This approval included a 15-year compact between the government and tribes that allowed the tribes exclusive rights to operate certain games in exchange for a monthly fee. That generated as much as $150 million a year in revenues for the state.
After taking office in 2019, Stitt sought a new compact which would increase the fees from between 4% to 6% for slot machines and as much as 10% for table games up to between 20% and 25%.
In response, the tribes argued that language in the 2004 deal said that, in absence of a new deal agreed to by both parties, the existing deal remained in effect until when, or if, a new compact was agreed to. The government argued the deal would expire, and with no deal explicitly permitting the casinos to take Class III bets, they would be operating illegally after the compact expired on Dec. 31, 2019.
The casinos remained open in 2020, and the two parties became entangled in a protracted legal battle which still awaits a decision. Ironically, the COVID-19 outbreak forced the casinos to close just a few months after Stitt said they were operating illegally.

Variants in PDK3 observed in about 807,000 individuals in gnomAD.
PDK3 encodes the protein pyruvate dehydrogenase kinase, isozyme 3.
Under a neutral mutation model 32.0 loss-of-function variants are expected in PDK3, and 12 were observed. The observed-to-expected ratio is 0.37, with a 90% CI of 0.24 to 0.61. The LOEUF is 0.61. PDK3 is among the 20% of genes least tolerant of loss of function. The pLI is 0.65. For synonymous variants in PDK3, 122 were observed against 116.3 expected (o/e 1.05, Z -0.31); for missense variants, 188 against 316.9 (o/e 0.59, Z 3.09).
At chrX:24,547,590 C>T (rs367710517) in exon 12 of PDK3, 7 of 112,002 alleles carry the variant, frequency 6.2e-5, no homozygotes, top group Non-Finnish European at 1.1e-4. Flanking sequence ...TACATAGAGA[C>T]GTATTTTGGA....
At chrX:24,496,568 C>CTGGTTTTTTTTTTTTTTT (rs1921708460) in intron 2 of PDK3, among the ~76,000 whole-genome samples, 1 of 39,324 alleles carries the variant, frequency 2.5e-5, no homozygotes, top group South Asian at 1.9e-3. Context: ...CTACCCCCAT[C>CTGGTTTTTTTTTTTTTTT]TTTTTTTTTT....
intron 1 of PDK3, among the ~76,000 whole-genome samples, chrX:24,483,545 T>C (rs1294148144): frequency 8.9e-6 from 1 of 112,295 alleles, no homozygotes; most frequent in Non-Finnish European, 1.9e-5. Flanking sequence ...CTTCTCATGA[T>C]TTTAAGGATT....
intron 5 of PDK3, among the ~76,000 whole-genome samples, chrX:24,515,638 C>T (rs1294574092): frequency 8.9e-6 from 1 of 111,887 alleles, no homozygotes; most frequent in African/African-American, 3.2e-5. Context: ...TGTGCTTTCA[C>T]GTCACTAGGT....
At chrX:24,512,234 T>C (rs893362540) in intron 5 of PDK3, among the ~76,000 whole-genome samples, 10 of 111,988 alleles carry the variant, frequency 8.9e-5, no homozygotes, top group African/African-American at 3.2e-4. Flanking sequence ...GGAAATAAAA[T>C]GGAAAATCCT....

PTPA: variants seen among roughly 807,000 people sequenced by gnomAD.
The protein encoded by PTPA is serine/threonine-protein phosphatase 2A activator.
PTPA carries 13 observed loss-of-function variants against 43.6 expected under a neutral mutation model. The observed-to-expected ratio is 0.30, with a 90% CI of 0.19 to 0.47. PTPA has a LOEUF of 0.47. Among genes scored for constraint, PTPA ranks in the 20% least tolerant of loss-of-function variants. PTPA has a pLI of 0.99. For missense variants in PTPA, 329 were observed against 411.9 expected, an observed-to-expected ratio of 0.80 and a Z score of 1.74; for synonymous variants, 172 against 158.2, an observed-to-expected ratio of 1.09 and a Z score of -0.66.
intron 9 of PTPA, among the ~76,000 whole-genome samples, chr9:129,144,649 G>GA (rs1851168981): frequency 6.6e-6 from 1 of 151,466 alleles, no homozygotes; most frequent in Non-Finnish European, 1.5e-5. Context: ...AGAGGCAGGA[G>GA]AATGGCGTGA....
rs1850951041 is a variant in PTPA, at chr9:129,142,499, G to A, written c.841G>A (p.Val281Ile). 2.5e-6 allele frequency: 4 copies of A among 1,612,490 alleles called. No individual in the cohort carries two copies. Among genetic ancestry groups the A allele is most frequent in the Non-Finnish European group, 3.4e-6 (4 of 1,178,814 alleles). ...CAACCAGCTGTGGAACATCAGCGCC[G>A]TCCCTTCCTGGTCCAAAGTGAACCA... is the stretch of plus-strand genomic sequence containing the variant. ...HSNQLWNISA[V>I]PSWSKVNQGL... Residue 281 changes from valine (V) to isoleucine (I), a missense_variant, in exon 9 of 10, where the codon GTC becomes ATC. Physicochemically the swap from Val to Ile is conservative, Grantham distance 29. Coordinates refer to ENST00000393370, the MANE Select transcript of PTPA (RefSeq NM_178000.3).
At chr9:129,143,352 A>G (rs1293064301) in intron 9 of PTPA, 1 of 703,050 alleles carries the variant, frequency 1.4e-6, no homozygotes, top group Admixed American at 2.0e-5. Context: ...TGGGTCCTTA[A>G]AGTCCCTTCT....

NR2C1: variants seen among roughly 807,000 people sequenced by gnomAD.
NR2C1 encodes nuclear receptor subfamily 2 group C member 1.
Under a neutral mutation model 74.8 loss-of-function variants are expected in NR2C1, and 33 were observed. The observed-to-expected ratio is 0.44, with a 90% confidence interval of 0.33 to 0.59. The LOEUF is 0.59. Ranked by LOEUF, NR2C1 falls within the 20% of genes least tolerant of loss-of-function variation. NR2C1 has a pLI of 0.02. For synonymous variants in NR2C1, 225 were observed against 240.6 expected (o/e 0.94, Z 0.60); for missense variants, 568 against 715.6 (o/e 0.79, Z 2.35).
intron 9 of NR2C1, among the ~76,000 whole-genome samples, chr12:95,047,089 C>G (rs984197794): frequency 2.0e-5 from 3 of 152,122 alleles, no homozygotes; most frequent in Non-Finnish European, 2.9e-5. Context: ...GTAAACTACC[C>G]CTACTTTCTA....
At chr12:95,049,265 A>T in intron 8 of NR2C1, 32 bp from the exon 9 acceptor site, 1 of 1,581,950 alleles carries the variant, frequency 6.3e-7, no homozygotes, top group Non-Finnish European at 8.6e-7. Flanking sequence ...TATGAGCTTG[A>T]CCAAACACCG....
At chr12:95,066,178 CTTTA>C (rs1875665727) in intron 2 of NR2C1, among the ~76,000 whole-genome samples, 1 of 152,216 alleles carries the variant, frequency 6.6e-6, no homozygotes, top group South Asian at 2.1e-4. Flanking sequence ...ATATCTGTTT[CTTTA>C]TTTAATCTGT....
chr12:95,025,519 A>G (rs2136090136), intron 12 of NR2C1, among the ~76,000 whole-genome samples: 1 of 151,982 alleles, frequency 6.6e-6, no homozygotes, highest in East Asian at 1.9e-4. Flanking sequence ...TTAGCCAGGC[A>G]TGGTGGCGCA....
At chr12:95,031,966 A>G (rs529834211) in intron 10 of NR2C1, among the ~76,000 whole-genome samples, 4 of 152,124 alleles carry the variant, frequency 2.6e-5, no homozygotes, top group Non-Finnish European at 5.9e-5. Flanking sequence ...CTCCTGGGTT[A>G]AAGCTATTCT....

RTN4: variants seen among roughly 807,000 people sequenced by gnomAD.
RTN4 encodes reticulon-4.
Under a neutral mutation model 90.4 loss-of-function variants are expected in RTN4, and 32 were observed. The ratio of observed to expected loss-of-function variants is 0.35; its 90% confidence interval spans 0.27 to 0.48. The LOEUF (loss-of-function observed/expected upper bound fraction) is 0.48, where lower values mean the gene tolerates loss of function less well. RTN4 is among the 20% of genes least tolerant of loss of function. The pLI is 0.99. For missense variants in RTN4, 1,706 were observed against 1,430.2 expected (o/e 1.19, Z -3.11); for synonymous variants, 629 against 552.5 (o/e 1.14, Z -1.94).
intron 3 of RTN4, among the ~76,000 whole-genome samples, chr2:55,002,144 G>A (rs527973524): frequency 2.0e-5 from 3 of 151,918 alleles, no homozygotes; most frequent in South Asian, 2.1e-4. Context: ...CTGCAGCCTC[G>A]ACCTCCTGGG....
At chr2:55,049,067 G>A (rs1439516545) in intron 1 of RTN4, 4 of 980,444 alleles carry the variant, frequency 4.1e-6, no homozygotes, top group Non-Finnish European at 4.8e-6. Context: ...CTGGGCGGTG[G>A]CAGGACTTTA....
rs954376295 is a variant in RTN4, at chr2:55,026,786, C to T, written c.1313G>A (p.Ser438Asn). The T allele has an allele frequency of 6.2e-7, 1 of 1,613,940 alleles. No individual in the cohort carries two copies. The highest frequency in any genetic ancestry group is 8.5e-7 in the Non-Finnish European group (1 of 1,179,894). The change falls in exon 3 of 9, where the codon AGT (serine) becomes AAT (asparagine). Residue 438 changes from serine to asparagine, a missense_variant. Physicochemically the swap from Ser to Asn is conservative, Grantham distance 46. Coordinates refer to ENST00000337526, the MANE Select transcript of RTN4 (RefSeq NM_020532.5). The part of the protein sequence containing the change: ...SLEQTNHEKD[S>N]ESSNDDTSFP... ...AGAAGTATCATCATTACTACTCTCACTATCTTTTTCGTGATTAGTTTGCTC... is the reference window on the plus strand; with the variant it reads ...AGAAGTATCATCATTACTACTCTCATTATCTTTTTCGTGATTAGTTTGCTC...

In the meantime, the government went away from the one-compact approach for all tribes and instead began pursuit on an individual basis. The Otoe-Missouria and the Comanche are the first to agree publicly, and at least a half dozen have reportedly been offered formal deals. The Otoe-Missouria fees range from 6% to 12% and the Comanche’s range from 6% to 13%, with fees varying depending on game type and the host facility’s location.
Gaming industry representatives such as Slicker remain optimistic this will create a domino effect for both the smaller and larger tribes. He said it remains to be seen if tribes such as the Cherokee, Chickasaw and Choctaw will come on board with deals or await further legal decisions, but Tuesday’s unexpected announcement could help spark further interest as the two early adaptors of the new compacts will look to open the state’s first legal sportsbooks, despite the possible controversy over legislative action, with hopes sports leagues return and casino doors can open.
“Coming into this September, you could be looking at NFL football, NBA playoffs, NHL playoffs and more all in one season,” Slicer said. “To have a sportsbook in a casino would be a huge draw for all of that.”